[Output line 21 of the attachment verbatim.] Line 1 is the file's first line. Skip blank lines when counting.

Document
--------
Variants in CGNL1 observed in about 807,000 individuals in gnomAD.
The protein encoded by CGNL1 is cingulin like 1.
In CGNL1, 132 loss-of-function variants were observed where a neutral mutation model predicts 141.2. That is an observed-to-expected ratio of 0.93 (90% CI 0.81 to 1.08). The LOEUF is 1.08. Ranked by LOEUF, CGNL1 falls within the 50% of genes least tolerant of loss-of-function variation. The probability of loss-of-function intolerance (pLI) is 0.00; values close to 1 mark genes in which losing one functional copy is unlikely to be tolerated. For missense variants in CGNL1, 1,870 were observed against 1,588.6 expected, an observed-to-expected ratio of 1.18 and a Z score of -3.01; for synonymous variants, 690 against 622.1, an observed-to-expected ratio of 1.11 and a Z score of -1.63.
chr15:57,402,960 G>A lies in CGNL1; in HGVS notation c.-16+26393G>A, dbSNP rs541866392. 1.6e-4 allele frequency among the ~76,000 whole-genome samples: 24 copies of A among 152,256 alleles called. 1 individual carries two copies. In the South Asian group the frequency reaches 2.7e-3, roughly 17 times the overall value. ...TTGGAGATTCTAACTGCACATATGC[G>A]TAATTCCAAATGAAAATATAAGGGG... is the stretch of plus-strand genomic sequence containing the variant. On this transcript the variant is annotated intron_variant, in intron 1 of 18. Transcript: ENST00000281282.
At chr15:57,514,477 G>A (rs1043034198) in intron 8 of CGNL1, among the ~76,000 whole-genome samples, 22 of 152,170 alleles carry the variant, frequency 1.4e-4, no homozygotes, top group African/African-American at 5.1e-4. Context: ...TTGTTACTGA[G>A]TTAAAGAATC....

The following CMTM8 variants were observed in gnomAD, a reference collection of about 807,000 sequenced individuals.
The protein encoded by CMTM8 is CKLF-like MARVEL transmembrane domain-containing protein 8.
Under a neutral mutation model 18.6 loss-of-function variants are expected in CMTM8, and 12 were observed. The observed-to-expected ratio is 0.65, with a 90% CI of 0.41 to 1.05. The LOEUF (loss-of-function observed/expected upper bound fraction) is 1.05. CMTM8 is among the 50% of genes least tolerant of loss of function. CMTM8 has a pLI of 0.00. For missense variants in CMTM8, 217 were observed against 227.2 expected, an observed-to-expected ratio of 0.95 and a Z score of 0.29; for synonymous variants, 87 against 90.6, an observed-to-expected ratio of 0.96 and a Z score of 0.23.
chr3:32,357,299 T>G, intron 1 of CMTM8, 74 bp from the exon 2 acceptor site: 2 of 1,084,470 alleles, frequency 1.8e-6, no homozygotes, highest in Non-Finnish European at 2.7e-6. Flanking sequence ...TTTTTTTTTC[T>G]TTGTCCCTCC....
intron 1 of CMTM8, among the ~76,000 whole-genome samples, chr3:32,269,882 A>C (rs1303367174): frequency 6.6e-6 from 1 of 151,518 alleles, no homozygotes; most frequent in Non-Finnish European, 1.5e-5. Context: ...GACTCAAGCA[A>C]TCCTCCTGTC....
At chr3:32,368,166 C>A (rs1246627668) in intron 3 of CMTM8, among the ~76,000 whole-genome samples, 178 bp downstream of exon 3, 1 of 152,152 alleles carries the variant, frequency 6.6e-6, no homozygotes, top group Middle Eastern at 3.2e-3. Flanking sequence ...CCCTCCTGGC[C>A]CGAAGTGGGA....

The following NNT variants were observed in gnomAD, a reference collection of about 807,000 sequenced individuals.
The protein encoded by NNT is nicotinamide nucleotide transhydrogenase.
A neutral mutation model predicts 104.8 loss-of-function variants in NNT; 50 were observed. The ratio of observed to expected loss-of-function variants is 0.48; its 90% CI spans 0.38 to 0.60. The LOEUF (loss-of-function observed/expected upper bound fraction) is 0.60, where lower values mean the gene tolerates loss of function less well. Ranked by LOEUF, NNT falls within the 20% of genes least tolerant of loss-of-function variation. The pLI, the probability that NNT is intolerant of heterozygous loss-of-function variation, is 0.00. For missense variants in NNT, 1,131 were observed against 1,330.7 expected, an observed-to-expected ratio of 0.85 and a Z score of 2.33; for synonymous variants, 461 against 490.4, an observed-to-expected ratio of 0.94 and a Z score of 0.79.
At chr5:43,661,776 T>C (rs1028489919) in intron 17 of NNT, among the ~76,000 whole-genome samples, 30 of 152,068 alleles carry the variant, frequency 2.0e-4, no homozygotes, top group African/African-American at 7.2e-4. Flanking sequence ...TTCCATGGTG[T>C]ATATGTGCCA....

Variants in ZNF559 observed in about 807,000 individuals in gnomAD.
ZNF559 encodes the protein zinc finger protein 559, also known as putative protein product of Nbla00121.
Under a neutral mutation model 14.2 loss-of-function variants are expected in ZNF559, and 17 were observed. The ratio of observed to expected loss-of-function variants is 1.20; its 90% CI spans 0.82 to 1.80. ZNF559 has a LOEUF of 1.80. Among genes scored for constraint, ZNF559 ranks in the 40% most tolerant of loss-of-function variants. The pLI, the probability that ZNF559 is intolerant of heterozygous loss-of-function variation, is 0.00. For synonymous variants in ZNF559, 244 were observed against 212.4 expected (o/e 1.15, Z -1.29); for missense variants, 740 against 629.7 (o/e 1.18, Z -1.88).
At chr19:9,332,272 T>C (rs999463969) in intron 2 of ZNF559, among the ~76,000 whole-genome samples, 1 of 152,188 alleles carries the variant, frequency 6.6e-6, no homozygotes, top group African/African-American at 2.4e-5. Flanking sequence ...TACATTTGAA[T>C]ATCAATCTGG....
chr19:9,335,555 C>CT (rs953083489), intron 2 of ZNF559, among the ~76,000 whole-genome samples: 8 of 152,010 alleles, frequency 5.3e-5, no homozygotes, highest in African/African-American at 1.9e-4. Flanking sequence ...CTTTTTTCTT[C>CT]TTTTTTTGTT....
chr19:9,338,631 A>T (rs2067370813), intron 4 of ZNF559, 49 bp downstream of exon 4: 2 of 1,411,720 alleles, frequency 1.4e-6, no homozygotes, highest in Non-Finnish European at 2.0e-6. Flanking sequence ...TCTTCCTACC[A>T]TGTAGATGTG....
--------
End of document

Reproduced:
chr19:9,338,631 A>T (rs2067370813), intron 4 of ZNF559, 49 bp downstream of exon 4: 2 of 1,411,720 alleles, frequency 1.4e-6, no homozygotes, highest in Non-Finnish European at 2.0e-6. Flanking sequence ...TCTTCCTACC[A>T]TGTAGATGTG....